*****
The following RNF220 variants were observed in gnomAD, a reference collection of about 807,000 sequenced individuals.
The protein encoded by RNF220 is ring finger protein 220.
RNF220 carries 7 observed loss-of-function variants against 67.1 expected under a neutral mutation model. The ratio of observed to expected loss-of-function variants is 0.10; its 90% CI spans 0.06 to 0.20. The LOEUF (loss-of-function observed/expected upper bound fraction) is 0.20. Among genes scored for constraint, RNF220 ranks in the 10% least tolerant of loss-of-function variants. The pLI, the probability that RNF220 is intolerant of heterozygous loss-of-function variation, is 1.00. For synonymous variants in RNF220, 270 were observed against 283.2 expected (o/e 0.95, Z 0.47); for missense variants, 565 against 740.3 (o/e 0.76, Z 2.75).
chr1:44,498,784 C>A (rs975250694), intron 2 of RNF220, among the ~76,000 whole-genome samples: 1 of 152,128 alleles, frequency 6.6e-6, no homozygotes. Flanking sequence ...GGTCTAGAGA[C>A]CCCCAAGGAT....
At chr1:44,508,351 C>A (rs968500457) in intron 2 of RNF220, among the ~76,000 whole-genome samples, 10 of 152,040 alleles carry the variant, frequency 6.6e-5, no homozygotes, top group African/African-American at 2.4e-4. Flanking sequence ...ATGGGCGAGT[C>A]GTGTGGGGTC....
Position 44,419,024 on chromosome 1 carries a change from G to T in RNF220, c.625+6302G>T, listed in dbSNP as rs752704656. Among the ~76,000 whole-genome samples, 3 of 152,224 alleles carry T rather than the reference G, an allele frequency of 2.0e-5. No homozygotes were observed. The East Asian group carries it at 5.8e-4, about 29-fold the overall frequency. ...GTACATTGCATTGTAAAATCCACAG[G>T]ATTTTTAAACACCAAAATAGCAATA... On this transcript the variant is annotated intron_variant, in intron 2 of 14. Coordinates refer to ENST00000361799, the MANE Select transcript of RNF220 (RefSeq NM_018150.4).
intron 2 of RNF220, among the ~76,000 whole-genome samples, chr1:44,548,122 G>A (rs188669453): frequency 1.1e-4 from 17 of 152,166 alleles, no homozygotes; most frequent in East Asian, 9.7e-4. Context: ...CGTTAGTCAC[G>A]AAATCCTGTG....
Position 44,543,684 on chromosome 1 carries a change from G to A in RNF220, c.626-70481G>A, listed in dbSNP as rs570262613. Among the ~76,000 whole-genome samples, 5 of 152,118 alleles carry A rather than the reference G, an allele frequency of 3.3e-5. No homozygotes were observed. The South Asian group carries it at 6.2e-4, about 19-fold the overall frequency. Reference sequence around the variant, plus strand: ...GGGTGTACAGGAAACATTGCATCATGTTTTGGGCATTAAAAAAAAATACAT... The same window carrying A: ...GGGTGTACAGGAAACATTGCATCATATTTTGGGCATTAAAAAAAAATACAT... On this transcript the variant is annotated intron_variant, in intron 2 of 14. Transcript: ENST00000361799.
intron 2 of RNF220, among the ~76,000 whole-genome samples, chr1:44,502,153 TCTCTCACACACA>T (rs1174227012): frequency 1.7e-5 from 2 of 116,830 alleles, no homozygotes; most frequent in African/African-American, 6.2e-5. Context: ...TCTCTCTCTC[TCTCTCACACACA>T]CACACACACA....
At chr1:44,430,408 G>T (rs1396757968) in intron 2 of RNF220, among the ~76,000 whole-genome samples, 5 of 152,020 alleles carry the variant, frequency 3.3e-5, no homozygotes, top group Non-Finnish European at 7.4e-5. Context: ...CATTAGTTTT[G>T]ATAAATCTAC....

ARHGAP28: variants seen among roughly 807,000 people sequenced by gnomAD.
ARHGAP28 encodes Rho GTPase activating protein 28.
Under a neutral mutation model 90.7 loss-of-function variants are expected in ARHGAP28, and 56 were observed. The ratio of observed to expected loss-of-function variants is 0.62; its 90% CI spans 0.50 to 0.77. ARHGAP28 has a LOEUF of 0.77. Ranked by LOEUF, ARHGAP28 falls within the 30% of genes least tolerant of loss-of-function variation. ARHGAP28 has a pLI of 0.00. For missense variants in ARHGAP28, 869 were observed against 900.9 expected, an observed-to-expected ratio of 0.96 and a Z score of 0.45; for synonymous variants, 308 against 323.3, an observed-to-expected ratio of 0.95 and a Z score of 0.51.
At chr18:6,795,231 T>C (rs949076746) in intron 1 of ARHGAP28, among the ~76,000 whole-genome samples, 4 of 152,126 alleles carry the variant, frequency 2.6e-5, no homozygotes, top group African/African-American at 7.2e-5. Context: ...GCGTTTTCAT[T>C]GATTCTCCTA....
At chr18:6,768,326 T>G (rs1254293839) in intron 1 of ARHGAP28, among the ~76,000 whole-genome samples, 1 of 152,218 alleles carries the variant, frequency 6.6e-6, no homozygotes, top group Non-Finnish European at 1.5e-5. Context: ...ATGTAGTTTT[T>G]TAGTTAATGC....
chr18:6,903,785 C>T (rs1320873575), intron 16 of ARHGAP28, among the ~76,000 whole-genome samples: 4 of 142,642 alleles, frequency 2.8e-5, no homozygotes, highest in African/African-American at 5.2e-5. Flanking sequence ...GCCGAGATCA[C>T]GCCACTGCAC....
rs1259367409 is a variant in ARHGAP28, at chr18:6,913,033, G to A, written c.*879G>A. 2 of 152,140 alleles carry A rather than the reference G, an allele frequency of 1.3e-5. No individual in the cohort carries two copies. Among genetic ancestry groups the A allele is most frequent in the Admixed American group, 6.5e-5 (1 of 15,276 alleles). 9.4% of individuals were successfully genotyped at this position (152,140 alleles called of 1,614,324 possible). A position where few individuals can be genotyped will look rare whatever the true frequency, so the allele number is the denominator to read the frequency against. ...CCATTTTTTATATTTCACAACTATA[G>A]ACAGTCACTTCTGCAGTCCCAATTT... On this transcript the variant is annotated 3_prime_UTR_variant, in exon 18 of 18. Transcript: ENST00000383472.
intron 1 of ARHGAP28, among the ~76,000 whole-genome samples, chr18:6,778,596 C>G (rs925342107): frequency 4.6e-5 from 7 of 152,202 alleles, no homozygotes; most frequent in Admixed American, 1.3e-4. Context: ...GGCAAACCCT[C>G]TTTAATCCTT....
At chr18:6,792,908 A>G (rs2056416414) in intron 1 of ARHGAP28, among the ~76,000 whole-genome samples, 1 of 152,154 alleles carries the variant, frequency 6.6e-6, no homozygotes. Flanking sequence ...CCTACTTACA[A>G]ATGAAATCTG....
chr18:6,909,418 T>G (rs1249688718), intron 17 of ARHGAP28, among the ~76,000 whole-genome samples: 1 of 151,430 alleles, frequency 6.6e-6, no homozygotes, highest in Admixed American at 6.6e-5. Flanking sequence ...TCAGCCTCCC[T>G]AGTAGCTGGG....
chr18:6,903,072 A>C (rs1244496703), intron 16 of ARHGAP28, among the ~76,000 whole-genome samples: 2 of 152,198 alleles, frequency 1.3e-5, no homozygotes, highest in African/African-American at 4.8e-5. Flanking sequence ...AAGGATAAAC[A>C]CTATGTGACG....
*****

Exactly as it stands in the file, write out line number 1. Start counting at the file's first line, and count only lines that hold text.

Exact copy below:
The following RNF220 variants were observed in gnomAD, a reference collection of about 807,000 sequenced individuals.